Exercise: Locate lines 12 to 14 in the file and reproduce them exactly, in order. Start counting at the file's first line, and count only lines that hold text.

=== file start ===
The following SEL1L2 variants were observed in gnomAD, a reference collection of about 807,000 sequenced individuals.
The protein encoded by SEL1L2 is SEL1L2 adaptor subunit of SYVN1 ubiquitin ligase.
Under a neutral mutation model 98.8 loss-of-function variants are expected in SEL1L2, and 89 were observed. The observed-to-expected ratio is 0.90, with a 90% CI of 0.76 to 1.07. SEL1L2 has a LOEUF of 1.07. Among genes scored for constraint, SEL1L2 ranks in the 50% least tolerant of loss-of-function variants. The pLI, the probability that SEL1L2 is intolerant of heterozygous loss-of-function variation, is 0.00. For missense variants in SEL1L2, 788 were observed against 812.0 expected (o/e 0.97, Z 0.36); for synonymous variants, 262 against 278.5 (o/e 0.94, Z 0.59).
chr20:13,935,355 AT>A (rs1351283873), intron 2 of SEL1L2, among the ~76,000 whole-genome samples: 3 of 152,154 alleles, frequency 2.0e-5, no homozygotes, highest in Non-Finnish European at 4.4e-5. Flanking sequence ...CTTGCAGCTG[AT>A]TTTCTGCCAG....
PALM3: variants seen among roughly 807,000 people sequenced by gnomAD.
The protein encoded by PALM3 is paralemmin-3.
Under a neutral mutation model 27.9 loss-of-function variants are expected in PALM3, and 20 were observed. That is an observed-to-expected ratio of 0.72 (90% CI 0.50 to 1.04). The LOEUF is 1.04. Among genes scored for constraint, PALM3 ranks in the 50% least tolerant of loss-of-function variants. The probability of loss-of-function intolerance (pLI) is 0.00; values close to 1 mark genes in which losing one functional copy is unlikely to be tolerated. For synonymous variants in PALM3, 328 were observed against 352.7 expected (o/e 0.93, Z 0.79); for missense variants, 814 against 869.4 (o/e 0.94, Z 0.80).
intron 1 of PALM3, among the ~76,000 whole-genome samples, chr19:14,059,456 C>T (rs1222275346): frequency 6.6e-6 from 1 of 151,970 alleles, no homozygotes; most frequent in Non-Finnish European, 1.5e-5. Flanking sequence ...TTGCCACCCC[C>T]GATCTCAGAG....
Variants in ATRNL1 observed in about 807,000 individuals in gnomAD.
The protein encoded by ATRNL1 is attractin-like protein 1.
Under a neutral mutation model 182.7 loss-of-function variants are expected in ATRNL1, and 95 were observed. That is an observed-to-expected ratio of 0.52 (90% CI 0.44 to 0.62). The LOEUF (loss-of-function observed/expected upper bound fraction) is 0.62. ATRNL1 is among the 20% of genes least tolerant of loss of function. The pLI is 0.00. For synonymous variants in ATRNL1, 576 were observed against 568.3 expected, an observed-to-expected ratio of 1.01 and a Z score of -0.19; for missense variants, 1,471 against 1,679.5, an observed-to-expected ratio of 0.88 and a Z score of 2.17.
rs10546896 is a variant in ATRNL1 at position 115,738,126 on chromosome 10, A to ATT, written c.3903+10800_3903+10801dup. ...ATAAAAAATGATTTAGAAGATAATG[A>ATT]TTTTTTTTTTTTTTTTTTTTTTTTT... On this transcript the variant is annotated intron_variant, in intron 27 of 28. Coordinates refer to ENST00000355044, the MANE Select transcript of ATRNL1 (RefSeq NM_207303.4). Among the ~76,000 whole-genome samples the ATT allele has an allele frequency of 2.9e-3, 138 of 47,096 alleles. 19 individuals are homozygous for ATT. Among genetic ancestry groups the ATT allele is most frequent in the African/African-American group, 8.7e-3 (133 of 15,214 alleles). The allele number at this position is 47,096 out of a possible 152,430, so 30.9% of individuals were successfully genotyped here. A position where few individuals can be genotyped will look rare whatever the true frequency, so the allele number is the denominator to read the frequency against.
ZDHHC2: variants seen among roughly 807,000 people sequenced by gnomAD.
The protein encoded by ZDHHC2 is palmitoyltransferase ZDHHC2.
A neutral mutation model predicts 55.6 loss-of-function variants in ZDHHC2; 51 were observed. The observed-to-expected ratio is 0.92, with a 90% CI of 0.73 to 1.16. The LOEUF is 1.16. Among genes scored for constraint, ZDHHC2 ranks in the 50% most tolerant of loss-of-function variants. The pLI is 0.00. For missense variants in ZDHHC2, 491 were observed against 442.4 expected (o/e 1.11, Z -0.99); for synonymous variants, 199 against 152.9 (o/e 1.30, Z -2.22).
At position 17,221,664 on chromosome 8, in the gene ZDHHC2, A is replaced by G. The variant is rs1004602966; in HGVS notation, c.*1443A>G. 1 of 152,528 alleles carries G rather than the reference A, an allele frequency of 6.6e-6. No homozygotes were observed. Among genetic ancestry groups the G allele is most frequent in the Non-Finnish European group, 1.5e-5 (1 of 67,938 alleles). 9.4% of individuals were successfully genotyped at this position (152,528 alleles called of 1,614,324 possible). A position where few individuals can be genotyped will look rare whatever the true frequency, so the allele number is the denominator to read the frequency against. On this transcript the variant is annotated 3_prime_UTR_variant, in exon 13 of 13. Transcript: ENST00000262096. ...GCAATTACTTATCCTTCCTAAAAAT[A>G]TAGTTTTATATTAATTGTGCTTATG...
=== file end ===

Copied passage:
rs10546896 is a variant in ATRNL1 at position 115,738,126 on chromosome 10, A to ATT, written c.3903+10800_3903+10801dup. ...ATAAAAAATGATTTAGAAGATAATG[A>ATT]TTTTTTTTTTTTTTTTTTTTTTTTT... On this transcript the variant is annotated intron_variant, in intron 27 of 28. Coordinates refer to ENST00000355044, the MANE Select transcript of ATRNL1 (RefSeq NM_207303.4). Among the ~76,000 whole-genome samples the ATT allele has an allele frequency of 2.9e-3, 138 of 47,096 alleles. 19 individuals are homozygous for ATT. Among genetic ancestry groups the ATT allele is most frequent in the African/African-American group, 8.7e-3 (133 of 15,214 alleles). The allele number at this position is 47,096 out of a possible 152,430, so 30.9% of individuals were successfully genotyped here. A position where few individuals can be genotyped will look rare whatever the true frequency, so the allele number is the denominator to read the frequency against.
ZDHHC2: variants seen among roughly 807,000 people sequenced by gnomAD.
The protein encoded by ZDHHC2 is palmitoyltransferase ZDHHC2.